Genesis 47

* Joseph presents his brethren to Pharaoh. (1-6) Jacob blesses

Pharaoh. (7-12) Joseph's dealings with the Egyptians during the

famine. (13-26) Jacob's age. His desire to be buried in Canaan.

(27--31)

1-6 Though Joseph was a great man, especially in Egypt, yet he

owned his brethren. Let the rich and great in the world not

overlook or despise poor relations. Our Lord Jesus is not

ashamed to call us brethren. In answer to Pharaoh's inquiry,

What is your calling? they told him that they were shepherds,

adding that they were come to sojourn in the land for a time,

while the famine prevailed in Canaan. Pharaoh offered to employ

them as shepherds, provided they were active men. Whatever our

business or employment is, we should aim to excel in it, and to

prove ourselves clever and industrious.
7-12 With the gravity of old age, the piety of a true believer,

and the authority of a patriarch and a prophet, Jacob besought

the Lord to bestow a blessing upon Pharaoh. He acted as a man

not ashamed of his religion; and who would express gratitude to

the benefactor of himself and his family. We have here a very

uncommon answer given to a very common question. Jacob calls his

life a pilgrimage; the sojourning of a stranger in a foreign

country, or his journey home to his own country. He was not at

home upon earth; his habitation, his inheritance, his treasures

were in heaven. He reckons his life by days; even by days life

is soon reckoned, and we are not sure of the continuance of it

for a day. Let us therefore number our days. His days were few.

Though he had now lived one hundred and thirty years, they

seemed but a few days, in comparison with the days of eternity,

and the eternal state. They were evil; this is true concerning

man. He is of few days and full of trouble; since his days are

evil, it is well they are few. Jacob's life had been made up of

evil days. Old age came sooner upon him than it had done upon

some of his fathers. As the young man should not be proud of his

strength or beauty, so the old man should not be proud of his

age, and his hoary hairs, though others justly reverence them;

for those who are accounted very old, attain not to the years of

the patriarchs. The hoary head is only a crown of glory, when

found in the way of righteousness. Such an answer could not fail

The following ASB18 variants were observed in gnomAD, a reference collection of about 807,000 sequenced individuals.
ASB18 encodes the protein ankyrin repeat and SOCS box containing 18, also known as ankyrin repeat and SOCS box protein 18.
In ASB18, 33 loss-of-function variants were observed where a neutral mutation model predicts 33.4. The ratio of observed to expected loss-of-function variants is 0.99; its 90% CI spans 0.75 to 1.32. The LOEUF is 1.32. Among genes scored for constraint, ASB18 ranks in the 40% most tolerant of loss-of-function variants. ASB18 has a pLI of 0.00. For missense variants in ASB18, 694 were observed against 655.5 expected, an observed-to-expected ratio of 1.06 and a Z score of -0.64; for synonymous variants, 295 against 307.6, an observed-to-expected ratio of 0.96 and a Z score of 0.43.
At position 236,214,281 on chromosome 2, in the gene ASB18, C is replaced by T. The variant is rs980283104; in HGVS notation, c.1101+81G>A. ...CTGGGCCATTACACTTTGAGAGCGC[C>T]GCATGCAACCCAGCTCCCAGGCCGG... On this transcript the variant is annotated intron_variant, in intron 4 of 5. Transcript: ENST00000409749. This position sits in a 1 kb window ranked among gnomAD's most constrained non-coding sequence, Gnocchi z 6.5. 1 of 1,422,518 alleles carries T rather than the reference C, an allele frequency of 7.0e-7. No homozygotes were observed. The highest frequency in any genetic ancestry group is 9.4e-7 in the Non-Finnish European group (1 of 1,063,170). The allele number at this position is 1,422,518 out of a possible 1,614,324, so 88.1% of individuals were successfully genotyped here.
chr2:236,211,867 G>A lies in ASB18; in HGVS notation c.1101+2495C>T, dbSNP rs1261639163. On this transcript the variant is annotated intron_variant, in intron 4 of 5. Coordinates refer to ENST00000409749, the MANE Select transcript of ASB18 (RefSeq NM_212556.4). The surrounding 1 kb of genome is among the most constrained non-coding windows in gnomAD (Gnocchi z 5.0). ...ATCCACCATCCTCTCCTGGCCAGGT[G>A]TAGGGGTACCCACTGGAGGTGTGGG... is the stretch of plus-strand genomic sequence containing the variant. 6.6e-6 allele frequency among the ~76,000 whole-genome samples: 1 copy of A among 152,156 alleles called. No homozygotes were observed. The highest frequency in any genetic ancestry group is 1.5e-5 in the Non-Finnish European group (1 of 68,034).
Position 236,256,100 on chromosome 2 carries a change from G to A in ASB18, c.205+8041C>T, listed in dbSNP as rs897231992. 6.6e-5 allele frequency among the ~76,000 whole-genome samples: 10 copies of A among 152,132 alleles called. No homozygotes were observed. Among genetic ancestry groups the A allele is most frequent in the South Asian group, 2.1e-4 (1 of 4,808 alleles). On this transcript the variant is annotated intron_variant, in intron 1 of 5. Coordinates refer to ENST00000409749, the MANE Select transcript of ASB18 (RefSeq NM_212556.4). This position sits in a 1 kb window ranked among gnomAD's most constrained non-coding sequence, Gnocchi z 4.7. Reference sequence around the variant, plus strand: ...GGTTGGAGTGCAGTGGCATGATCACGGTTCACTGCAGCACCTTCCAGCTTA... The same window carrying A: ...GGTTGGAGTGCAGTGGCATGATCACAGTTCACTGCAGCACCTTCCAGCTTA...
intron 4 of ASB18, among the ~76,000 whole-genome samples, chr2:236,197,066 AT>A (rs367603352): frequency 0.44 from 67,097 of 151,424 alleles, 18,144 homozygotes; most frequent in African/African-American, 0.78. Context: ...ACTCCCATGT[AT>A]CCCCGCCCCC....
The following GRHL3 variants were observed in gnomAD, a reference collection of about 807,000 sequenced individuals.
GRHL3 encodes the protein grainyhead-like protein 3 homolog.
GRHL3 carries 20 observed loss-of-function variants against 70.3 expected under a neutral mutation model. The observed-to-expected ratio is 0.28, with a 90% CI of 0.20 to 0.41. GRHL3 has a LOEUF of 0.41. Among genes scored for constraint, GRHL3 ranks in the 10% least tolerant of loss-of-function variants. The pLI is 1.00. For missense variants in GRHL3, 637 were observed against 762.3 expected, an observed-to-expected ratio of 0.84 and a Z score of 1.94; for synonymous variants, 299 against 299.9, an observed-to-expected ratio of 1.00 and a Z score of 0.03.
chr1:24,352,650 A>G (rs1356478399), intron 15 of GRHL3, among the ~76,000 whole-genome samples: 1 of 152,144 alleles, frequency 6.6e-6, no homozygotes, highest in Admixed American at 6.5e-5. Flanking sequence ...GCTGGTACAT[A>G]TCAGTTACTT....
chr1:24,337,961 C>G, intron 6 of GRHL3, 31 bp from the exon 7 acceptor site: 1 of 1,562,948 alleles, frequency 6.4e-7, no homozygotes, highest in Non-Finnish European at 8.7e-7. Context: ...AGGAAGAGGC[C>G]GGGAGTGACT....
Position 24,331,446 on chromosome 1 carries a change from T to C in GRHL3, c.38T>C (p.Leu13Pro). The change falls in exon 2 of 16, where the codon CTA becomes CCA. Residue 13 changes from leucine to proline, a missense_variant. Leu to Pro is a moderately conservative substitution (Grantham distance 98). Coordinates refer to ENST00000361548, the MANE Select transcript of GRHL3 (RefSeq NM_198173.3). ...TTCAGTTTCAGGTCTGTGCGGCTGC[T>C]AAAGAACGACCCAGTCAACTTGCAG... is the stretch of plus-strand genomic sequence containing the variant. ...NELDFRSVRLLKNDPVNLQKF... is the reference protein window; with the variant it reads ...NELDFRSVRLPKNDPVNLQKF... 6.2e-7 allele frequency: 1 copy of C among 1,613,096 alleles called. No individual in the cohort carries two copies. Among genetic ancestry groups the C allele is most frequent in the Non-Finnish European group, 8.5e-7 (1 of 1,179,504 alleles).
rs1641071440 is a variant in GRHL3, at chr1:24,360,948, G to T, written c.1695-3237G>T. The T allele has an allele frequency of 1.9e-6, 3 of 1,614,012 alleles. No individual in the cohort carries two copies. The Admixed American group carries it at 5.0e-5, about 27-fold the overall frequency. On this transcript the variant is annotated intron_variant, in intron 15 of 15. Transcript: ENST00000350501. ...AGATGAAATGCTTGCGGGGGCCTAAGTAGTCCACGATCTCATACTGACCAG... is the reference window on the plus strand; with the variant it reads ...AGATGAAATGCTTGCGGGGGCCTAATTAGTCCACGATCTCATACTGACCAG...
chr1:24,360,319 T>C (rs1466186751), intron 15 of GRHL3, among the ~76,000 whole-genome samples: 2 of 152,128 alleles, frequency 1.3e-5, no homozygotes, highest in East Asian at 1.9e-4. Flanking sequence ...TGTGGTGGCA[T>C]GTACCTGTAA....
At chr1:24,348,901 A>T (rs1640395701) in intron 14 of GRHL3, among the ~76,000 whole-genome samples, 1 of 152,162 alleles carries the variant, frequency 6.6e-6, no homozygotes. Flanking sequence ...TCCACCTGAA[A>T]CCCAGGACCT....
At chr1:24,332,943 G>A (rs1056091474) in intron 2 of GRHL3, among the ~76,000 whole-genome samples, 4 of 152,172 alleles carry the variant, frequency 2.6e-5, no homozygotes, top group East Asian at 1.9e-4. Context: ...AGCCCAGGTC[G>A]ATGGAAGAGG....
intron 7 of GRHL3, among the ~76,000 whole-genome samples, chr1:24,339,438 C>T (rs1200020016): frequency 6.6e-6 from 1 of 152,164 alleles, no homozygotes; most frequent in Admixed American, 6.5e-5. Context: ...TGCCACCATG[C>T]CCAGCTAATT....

to impress the heart of Pharaoh, by reminding him that worldly

prosperity and happiness could not last long, and was not enough

to satisfy. After a life of vanity and vexation, man goes down

into the grave, equally from the throne as the cottage. Nothing

can make us happy, but the prospect of an everlasting home in

heaven, after our short and weary pilgrimage on earth.
13-26 Care being taken of Jacob and his family, which mercy was

especially designed by Providence in Joseph's advancement, an

account is given of the saving the kingdom of Egypt from ruin.

There was no bread, and the people were ready to die. See how we

depend upon God's providence. All our wealth would not keep us

from starving, if rain were withheld for two or three years. See

how much we are at God's mercy, and let us keep ourselves always

in his love. Also see how much we smart by our own want of care.

If all the Egyptians had laid up corn for themselves in the

seven years of plenty, they had not been in these straits; but

they regarded not the warning. Silver and gold would not feed

them: they must have corn. All that a man hath will he give for

his life. We cannot judge this matter by modern rules. It is

plain that the Egyptians regarded Joseph as a public benefactor.

The whole is consistent with Joseph's character, acting between

Pharaoh and his subjects, in the fear of God. The Egyptians

confessed concerning Joseph, Thou hast saved our lives. What

multitudes will gratefully say to Jesus, at the last day, Thou

hast saved our souls from the most tremendous destruction, and

in the season of uttermost distress! The Egyptians parted with

all their property, and even their liberty, for the saving of

their lives: can it then be too much for us to count all but

loss, and part with all, at His command, and for His sake, who

will both save our souls, and give us an hundredfold, even here,

in this present world? Surely if saved by Christ, we shall be

willing to become his servants.
27-31 At last the time drew nigh that Israel must die. Israel,

a prince with God, had power over the Angel, and prevailed, yet

must die. Joseph supplied him with bread, that he might not die

by famine, but that did not secure him from dying by age or

sickness. He died by degrees; his candle gradually burnt down to

the socket, so that he saw the time drawing nigh. It is an

advantage to see the approach of death, before we feel it, that

we may be quickened to do, with all our might, what our hands

find to do. However, death is not far from any of us. Jacob's

care, as he saw the day approach, was about his burial; not the

pomp of it, but he would be buried in Canaan, because it was the

land of promise. It was a type of heaven, that better country,

which he declared plainly he expected, #Heb 11:14|. Nothing will

better help to make a death-bed easy, than the certain prospect

of rest in the heavenly Canaan after death. When this was done,

Israel bowed himself upon the bed's head, worshipping God, as it

is explained, see #Heb 11:21|, giving God thanks for all his

favours; in feebleness thus supporting himself, expressing his

willingness to leave the world. Even those who lived on Joseph's

provision, and Jacob who was so dear to him, must die. But

Christ Jesus gives us the true bread, that we may eat and live

for ever. To Him let us come and yield ourselves, and when we

draw near to death, he who supported us through life, will meet

us and assure us of everlasting salvation.
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